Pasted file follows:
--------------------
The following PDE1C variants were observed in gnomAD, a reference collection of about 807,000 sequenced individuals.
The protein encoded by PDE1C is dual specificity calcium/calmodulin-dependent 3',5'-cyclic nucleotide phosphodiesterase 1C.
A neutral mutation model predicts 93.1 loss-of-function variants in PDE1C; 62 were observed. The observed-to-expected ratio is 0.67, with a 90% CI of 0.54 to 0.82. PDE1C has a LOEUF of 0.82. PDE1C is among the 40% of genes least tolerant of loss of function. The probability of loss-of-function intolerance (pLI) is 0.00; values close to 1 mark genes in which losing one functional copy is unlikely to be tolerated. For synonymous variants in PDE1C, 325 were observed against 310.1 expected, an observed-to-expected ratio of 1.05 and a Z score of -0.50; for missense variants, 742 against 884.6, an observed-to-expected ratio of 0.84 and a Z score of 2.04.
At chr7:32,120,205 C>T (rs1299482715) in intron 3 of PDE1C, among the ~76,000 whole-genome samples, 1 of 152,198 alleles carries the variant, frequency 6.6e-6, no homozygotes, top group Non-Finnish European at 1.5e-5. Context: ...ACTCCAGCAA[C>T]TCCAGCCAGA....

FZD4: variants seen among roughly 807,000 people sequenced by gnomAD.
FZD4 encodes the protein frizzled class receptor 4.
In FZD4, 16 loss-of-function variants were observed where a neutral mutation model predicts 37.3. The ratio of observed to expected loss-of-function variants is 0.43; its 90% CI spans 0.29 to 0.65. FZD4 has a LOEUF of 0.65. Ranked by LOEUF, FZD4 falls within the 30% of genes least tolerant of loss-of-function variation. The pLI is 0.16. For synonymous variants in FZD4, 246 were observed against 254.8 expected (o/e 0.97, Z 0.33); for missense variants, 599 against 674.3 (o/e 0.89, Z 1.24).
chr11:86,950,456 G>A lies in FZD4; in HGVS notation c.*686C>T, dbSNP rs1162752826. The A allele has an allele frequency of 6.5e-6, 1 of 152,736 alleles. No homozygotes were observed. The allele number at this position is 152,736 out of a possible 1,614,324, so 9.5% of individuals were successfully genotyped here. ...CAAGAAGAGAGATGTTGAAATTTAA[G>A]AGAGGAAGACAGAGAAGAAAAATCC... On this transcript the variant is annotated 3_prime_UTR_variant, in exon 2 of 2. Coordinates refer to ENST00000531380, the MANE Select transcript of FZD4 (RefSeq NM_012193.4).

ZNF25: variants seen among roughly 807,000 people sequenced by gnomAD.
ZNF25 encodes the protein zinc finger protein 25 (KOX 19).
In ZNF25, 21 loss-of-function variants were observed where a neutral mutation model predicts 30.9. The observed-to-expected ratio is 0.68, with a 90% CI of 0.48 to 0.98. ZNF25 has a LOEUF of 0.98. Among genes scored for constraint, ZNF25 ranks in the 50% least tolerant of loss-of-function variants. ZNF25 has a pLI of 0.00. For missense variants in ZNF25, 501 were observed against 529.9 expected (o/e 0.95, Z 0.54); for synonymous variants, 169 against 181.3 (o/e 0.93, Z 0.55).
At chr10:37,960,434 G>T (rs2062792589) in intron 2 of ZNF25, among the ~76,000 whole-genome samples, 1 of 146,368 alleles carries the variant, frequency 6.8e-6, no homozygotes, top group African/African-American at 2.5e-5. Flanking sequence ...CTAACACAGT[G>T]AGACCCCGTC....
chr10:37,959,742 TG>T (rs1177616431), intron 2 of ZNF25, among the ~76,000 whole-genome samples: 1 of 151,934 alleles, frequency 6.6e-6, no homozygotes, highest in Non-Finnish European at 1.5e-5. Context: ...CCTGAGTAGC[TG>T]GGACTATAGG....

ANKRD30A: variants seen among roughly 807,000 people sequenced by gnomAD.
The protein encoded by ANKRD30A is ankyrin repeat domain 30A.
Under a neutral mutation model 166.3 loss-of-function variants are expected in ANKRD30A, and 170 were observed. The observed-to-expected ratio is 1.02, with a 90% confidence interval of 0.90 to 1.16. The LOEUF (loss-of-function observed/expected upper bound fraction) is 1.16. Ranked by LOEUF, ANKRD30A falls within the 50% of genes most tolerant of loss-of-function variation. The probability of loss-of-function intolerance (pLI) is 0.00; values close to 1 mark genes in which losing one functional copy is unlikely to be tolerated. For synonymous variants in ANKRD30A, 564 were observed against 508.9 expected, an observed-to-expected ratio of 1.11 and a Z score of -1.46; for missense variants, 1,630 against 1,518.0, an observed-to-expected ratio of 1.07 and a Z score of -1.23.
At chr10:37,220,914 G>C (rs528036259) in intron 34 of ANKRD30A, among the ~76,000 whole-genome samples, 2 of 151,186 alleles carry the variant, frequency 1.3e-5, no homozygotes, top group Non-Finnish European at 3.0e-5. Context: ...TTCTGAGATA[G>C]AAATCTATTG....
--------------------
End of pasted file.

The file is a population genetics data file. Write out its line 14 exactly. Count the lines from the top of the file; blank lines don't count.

ANKRD30A: variants seen among roughly 807,000 people sequenced by gnomAD.